Friday, February 27, 2004

causality bites, continued

From today's NYT:
"For years, at thousands of New York City intersections, well-worn push buttons have offered harried walkers a rare promise of control over their pedestrian lives. The signs mounted above explained their purpose:

To Cross Street
Push Button
Wait for Walk Signal

Millions of dutiful city residents and tourists have pushed them over the years, thinking it would help speed them in their journeys. Many trusting souls might have believed they actually worked. Others, more cynical, might have suspected they were broken but pushed anyway, out of habit, or in the off chance they might bring a walk sign more quickly.

As it turns out, [as usual], the cynics were right.

The city deactivated most of the pedestrian buttons long ago with the emergence of computer-controlled traffic signals, even as an unwitting public continued to push on, according to city Department of Transportation officials. More than 2,500 of the 3,250 walk buttons that still exist function essentially as mechanical placebos, city figures show. Any benefit from them is only imagined."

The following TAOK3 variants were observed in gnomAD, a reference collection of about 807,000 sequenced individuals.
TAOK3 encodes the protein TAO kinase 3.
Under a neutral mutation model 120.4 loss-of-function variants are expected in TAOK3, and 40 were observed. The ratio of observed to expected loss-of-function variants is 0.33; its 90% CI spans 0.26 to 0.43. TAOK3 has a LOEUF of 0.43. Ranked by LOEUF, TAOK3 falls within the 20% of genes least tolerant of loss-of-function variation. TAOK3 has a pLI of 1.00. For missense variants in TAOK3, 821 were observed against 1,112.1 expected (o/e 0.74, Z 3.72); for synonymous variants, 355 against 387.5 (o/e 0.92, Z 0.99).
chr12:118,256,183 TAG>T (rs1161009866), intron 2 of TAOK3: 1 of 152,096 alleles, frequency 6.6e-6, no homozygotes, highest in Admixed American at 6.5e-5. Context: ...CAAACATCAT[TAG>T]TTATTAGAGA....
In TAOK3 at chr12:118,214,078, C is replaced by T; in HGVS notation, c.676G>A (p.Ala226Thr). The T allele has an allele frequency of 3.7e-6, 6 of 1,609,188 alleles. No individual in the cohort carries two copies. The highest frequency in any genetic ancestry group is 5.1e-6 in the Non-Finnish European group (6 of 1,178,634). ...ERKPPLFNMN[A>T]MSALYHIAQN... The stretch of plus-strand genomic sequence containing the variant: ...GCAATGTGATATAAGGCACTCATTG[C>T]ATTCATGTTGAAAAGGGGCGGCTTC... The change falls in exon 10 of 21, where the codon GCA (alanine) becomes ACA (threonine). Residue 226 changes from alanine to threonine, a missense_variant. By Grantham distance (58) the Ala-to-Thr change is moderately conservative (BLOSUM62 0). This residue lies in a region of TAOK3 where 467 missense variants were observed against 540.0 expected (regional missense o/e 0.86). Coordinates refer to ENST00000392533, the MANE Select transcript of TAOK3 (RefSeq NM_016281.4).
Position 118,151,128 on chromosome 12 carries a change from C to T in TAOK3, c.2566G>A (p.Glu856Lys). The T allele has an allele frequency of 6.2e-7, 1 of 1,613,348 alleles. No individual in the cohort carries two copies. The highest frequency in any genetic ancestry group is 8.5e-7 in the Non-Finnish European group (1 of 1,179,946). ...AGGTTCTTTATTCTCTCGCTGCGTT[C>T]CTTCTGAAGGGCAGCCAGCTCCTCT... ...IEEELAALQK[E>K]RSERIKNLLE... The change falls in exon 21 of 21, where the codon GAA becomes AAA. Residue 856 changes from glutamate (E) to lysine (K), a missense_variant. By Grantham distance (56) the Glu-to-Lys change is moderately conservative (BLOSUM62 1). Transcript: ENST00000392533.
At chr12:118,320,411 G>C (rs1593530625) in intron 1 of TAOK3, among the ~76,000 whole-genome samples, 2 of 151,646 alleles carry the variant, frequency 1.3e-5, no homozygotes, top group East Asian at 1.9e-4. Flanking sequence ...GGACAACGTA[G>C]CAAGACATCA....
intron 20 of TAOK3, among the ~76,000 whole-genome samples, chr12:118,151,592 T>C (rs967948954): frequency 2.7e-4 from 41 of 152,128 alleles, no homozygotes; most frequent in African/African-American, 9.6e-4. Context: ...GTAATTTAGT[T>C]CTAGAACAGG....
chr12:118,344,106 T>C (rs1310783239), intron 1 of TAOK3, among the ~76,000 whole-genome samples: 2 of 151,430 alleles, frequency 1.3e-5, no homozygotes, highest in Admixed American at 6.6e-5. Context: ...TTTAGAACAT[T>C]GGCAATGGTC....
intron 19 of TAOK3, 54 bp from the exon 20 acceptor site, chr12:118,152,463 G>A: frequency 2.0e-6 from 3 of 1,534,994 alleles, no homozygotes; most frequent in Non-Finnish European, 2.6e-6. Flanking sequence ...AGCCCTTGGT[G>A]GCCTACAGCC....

Incidentally, as a contrast to the false sense of causality highlighted in this story, I should note that I just received word that has been bought out by a larger company, a mere three days after it received national prominence upon being linked to from my weblog. Who says one cannot change the world from the comfort of one's RV?

No comments: